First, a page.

Now I was wide awake. It was the middle of the night and there was an intruder in our house. I wondered why our dog, a 200 lb. St. Bernard, hadn’t woken up and barked. I quickly remembered though, all the times I had come home from work, walked into the house and not awakened him.

“Great watchdog” I thought to myself.

“Should we call the police?” my wife asked.

“Whoa there, hold on. Let me sneak down there and see what’s going on.”

“Okay, but what if someone’s down there?”

“I’ll be fine.” I crawled out of bed, adrenaline spiraling through my body, threw on some sweatpants and started heading towards the bedroom door.

“Be careful”, she said as I left the room.

I took a quick glance at the kid’s bedroom doors and both were closed. I had been hoping it was just one of them awake and downstairs getting a snack or something to drink. Two closed doors meant both kids were still asleep in their rooms. I continued to the stairs.

The stairs in our 120 year old house are terribly creaky. I’ve always thought that would be beneficial someday when the kids were coming home late at night. But not now! Not as I was risking my life to find out who was walking around our house in the middle of the night. I desperately tried to remember which steps made the loudest noise so I could avoid them, but other than the bottom three, which I knew were loose, my mind was drawing a blank. I gently took each stair, trying to be as silent as possible.

First step… okay.

Second step… okay.

Third step… CREAK!

“UGH,” I groaned quietly jumping down one more step to try to minimize the noise. I stood there quietly trying to catch my breath and get my heart rate down a little bit. In the deadly stillness of the night, I heard some rustling noises downstairs that sounded like it was coming from the family room. “This is absolutely nuts” I thought. “What are you thinking?”

But something drew me on, so I continued down the creaky steps, one at a time and thankfully, mostly quietly. Those last few steps could be a problem, but maybe a few loud creaks would scare off the intruder. I moved quickly… CREAK… CREAK… CREAK… and I was in the dining room, heart beating out of my chest, but still alive, and having not yet come face to face with anyone.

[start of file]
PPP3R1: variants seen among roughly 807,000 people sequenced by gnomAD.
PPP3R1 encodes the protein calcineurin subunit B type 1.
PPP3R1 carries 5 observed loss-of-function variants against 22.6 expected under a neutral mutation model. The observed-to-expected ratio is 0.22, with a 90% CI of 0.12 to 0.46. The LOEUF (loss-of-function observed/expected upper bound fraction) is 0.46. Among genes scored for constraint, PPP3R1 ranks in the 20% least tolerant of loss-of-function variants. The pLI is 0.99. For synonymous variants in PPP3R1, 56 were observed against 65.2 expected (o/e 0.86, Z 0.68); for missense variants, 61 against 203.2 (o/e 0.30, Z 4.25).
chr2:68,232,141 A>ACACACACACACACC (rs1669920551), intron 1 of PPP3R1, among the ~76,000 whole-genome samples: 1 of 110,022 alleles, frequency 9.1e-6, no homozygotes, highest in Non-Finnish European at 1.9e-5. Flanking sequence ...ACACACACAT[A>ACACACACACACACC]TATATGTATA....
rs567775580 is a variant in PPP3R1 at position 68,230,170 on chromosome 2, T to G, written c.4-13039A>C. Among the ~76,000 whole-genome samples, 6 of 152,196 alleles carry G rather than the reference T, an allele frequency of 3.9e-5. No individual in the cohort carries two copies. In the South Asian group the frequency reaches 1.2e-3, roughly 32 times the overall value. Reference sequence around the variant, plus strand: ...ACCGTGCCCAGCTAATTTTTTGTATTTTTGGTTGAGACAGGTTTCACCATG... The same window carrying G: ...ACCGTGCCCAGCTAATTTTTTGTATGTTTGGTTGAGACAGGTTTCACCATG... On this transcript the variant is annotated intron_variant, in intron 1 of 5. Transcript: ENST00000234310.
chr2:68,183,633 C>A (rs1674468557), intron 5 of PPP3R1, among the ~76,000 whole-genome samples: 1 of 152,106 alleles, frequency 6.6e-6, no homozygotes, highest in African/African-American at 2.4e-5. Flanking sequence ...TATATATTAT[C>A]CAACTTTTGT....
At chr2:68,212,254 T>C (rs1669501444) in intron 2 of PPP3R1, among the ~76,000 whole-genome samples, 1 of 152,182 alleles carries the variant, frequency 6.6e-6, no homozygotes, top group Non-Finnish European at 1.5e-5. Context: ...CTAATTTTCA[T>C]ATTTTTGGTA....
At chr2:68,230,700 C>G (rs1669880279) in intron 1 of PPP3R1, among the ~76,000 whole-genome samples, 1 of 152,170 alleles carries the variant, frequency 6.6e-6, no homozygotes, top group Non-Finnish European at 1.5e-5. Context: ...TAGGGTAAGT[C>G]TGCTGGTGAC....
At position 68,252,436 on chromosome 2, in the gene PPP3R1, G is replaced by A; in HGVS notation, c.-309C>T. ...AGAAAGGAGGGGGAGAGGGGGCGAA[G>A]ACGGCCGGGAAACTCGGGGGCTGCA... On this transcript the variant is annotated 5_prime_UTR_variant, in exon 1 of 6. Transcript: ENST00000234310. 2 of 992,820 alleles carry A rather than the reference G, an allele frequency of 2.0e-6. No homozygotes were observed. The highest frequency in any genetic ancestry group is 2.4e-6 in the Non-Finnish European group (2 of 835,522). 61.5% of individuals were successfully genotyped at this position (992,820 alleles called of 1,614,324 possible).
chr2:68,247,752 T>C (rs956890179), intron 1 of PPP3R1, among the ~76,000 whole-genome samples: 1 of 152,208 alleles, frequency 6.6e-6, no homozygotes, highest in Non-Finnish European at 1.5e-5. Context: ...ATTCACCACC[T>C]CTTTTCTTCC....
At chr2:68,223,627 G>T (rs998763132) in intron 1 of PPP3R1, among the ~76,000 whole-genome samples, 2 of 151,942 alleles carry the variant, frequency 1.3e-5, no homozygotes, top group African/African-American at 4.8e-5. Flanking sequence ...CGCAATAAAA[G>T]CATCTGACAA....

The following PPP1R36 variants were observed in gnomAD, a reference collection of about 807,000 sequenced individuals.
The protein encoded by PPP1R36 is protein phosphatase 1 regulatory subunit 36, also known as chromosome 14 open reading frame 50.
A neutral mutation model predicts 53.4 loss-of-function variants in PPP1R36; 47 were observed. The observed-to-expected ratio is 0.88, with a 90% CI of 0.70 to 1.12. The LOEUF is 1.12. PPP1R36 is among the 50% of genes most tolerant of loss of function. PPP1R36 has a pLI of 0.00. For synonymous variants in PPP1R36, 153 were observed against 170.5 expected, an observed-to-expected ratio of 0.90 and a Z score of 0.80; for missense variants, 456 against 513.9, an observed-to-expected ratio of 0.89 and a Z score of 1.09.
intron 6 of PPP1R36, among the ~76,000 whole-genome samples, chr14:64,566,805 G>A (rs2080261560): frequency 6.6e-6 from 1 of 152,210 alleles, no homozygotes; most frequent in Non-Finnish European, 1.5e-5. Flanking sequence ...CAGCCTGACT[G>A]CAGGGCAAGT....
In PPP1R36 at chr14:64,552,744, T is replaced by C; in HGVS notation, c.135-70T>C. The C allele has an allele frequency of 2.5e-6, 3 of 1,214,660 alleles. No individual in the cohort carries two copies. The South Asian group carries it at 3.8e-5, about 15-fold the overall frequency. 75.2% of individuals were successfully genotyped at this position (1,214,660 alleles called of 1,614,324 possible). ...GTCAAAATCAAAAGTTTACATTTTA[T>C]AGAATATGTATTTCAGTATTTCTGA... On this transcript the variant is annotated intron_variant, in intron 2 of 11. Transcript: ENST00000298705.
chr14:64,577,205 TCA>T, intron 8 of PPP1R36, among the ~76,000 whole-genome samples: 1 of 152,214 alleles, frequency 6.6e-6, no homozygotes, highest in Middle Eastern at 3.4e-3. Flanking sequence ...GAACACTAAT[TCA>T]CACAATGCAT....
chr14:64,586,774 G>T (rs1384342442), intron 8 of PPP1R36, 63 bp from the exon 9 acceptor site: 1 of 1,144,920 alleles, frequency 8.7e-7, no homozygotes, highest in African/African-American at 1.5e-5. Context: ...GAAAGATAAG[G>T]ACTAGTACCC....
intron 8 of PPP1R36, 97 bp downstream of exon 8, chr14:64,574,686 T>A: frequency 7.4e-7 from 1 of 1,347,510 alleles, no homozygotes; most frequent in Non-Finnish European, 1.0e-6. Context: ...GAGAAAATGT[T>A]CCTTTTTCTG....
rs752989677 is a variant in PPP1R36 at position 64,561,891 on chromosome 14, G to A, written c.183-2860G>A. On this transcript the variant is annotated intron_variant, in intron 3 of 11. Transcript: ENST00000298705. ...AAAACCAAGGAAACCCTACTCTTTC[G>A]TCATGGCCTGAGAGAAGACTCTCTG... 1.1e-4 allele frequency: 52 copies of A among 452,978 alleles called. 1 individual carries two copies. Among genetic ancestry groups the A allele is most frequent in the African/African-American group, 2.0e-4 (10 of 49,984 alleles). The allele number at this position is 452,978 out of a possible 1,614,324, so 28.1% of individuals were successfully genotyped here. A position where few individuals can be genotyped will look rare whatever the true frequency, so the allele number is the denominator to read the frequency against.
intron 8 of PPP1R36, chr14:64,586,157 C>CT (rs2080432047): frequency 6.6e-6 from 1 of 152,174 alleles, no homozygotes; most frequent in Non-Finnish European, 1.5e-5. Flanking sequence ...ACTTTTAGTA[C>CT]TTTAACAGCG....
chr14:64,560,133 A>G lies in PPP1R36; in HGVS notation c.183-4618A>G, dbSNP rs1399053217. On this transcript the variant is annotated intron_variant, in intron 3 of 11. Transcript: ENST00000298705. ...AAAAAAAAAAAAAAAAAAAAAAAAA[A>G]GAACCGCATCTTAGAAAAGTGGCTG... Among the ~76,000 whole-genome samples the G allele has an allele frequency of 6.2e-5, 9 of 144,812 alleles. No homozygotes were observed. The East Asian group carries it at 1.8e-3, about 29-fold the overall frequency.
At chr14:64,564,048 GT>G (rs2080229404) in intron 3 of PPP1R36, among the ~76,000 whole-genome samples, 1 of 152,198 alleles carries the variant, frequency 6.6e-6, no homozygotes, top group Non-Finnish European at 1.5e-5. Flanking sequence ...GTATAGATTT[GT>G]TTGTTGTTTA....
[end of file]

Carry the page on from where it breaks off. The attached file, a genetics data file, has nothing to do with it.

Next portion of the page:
The rustling noise was still coming from the family room which was the room next door to where I was standing. I guess my plan hadn’t worked! With my back against the wall, like one of those cops you see in a Hollywood blockbuster movie, patrolling a house full of armed thugs, I peered around the corner. That’s when I saw him, this intruder that was invading the privacy of our house. His back was to me and he was working fast moving about the room with a bag packed full of stuff.

I stepped back behind the wall to reassess the situation. My heart was beating uncontrollably and I noticed that my hands were now shaking. “I’ve seen him before” I thought. “What is he doing here?” In just that brief glance I had recognized his grayish white hair and his clothes. I stealthily peered around the wall once again and he was still there, back towards me, but moving fast… so incredibly fast… doing his business rapidly so he could get to the next house, to the next job.

For a moment I just watched in stunned amazement, afraid to startle him, afraid to interrupt him. Finally I couldn’t help myself. “Pssst” I said, trying to gently announce my presence. He didn’t hear me. “Pssst” I said again, a little louder. This time he whipped around rapidly, surprised at being seen, his eyes wide open and his white beard and his traditional red suit now clearly visible.

“Oh, it’s just you” he said with a relieved tone. “For a second I thought it might be a kid.”

“No, I checked and they’re still sound asleep” I reassured him. “But what the hell are you doing here?” I scolded. “You scared the crap out of me. My kids don’t believe in you anymore. I thought someone had broken into the house.”

He smiled that familiar, big grin and laughed that familiar, jolly old laugh and tossed me a big chocolate snowman wrapped in silver and red foil. “Eat this and go back to bed” he said as the snowman flew across the room towards me. “Lots of kids say they don’t believe anymore. Most of ‘em still want to believe but there’s just too much peer pressure from their friends. I’m not ready to give up on yours just yet!”

“Yeah, I guess that makes sense” I replied.

“Here, put this in one of the kid’s stockings, I don’t need it. I ate a bunch of candy before I turned in tonight.” I tossed the snowman back to him. “Guess I better get back to bed.” “See you next year, maybe?” I asked as I started to turn around to head back upstairs.